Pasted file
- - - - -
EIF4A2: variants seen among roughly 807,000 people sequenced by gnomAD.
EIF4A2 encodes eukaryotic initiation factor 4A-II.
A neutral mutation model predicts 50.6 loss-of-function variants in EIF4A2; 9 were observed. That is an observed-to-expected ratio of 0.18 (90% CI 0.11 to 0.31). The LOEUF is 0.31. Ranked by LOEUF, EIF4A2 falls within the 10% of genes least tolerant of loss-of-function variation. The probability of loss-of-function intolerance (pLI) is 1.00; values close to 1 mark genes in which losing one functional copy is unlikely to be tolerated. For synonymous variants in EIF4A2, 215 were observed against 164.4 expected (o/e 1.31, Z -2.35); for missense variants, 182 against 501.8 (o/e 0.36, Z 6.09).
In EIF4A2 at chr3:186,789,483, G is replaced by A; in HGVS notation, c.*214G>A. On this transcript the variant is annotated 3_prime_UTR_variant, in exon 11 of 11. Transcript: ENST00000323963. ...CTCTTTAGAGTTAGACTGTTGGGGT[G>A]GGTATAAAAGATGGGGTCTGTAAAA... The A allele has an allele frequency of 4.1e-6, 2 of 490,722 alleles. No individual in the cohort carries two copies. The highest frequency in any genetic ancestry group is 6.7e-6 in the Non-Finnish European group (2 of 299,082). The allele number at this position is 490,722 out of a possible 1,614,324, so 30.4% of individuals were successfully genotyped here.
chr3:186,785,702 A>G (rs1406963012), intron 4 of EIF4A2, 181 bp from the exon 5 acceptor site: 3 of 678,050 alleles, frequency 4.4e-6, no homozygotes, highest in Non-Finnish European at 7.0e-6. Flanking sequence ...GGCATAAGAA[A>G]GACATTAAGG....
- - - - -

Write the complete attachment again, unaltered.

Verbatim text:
EIF4A2: variants seen among roughly 807,000 people sequenced by gnomAD.
EIF4A2 encodes eukaryotic initiation factor 4A-II.
A neutral mutation model predicts 50.6 loss-of-function variants in EIF4A2; 9 were observed. That is an observed-to-expected ratio of 0.18 (90% CI 0.11 to 0.31). The LOEUF is 0.31. Ranked by LOEUF, EIF4A2 falls within the 10% of genes least tolerant of loss-of-function variation. The probability of loss-of-function intolerance (pLI) is 1.00; values close to 1 mark genes in which losing one functional copy is unlikely to be tolerated. For synonymous variants in EIF4A2, 215 were observed against 164.4 expected (o/e 1.31, Z -2.35); for missense variants, 182 against 501.8 (o/e 0.36, Z 6.09).
In EIF4A2 at chr3:186,789,483, G is replaced by A; in HGVS notation, c.*214G>A. On this transcript the variant is annotated 3_prime_UTR_variant, in exon 11 of 11. Transcript: ENST00000323963. ...CTCTTTAGAGTTAGACTGTTGGGGT[G>A]GGTATAAAAGATGGGGTCTGTAAAA... The A allele has an allele frequency of 4.1e-6, 2 of 490,722 alleles. No individual in the cohort carries two copies. The highest frequency in any genetic ancestry group is 6.7e-6 in the Non-Finnish European group (2 of 299,082). The allele number at this position is 490,722 out of a possible 1,614,324, so 30.4% of individuals were successfully genotyped here.
chr3:186,785,702 A>G (rs1406963012), intron 4 of EIF4A2, 181 bp from the exon 5 acceptor site: 3 of 678,050 alleles, frequency 4.4e-6, no homozygotes, highest in Non-Finnish European at 7.0e-6. Flanking sequence ...GGCATAAGAA[A>G]GACATTAAGG....